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Correspondence to Andrew G. Tomkins.

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The authors declare no competing financial interests.

Extended data figures and tables

Extended Data Figure 1 Geological map showing the context of the sampling location (red star), and examples of the samples used in the study.

The samples in photos a and b show examples of the fine laminations that occur in some layers of this unit. In a, buff coloured zones along cracks highlight examples of modern day oxidative weathering, whereas the grey colouration of the remainder of the sample indicates that it was not weathered, allowing survival of the micrometeorites. Weathered rock was removed using a diamond saw before micrometeorite separation. The geological map (top) is provided courtesy of the Geological Survey of Western Australia, Department of Mines and Petroleum. Copyright State of Western Australia, 2016.

Extended Data Figure 2 Examples of modern iron-type micrometeorites collected from the Antarctic ice sheet.

a, b, Secondary electron images showing the typical exterior morphology. c, d, Back-scattered electron (BSE) images of polished cross-sections of two other micrometeorites, highlighting the interior mineralogical variation. e, BSE image showing an example of a partially weathered modern micrometeorite in cross-section where the metal (outlined by the dashed yellow line) has been replaced by iron oxides and iron oxyhydroxides after arriving on the surface; expansion has led to cracking in the surrounding wüstite and magnetite, which would destroy the micrometeorite if continued. Note that the wüstite and magnetite are unaffected by the weathering. All imaging by M.G.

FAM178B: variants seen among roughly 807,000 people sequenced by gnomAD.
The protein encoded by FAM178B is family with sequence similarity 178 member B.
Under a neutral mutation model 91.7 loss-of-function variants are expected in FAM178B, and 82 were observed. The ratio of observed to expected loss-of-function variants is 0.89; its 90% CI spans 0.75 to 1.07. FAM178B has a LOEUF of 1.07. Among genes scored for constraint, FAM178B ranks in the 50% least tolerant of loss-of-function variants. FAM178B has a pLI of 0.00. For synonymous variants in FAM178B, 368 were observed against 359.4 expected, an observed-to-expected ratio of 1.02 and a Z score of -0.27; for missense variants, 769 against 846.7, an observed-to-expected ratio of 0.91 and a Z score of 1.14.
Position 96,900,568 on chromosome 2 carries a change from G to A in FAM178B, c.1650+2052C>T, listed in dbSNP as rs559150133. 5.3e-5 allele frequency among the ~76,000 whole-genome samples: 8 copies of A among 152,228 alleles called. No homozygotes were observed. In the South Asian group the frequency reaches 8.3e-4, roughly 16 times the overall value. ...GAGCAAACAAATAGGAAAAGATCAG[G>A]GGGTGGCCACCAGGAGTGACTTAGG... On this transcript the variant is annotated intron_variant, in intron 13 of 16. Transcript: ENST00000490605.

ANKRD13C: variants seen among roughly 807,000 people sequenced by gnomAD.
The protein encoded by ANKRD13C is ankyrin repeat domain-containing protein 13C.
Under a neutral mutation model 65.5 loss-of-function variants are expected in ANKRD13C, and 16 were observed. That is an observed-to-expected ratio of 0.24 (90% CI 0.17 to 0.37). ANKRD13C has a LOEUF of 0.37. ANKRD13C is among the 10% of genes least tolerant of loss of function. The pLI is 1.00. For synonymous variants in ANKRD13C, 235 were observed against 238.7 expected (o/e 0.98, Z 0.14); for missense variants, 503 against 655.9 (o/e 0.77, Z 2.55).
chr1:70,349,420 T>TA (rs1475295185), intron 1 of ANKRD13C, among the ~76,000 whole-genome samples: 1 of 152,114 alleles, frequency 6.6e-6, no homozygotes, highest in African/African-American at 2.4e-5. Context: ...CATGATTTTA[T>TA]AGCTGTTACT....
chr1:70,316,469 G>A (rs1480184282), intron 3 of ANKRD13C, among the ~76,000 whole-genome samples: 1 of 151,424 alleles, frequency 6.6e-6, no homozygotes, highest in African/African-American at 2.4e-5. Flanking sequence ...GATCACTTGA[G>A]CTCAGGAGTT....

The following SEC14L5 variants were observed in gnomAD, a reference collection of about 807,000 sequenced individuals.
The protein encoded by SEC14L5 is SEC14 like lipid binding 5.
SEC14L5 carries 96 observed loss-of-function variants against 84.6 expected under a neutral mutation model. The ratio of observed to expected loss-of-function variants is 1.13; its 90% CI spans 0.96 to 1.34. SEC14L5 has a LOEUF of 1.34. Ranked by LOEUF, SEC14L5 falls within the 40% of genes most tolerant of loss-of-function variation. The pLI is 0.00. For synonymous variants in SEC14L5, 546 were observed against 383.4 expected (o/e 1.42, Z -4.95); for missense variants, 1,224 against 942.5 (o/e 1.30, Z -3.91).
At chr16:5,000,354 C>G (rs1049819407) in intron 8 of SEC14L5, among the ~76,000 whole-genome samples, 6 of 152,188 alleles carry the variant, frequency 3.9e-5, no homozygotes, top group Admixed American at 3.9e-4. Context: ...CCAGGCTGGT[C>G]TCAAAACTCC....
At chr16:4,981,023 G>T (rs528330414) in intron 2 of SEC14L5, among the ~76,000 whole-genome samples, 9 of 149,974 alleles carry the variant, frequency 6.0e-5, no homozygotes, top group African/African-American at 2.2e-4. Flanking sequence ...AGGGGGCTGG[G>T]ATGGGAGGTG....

Extended Data Figure 3 Results of laser Raman spectroscopy confirming the identity of wüstite.

Wüstite is metastable below 570 °C and decomposes to haematite when higher laser power is used, whereas magnetite does not decompose in this fashion32. The iron oxide in the sectioned micrometeorite shown in Fig. 1f gave the spectrum shown in a at 1.5 mW and decomposed to produce the spectrum shown in a at 7.5 mW laser power, consistent with the characteristics of wüstite. Panel b shows the characteristic spectra of magnetite and wüstite from ref. 32; note the arrowed bumps that characterize magnetite, which are missing in wüstite, and the broadened main peak of wüstite. Panel b is modified from ref. 32 with permission from John Wiley and Sons, license number 3850481150510.

Extended Data Figure 4 Two synchrotron powder X-ray diffraction patterns, each collected from a single micrometeorite, and reference positions of magnetite peaks.

Not all major Bragg peaks for magnetite are detected, and deviation from the expected relative intensities of peaks is observed, as a consequence of poor particle size statistics (PDF 01-071-8338 refers to a Powder Diffraction File from the International Centre for Diffraction Data database;

Source data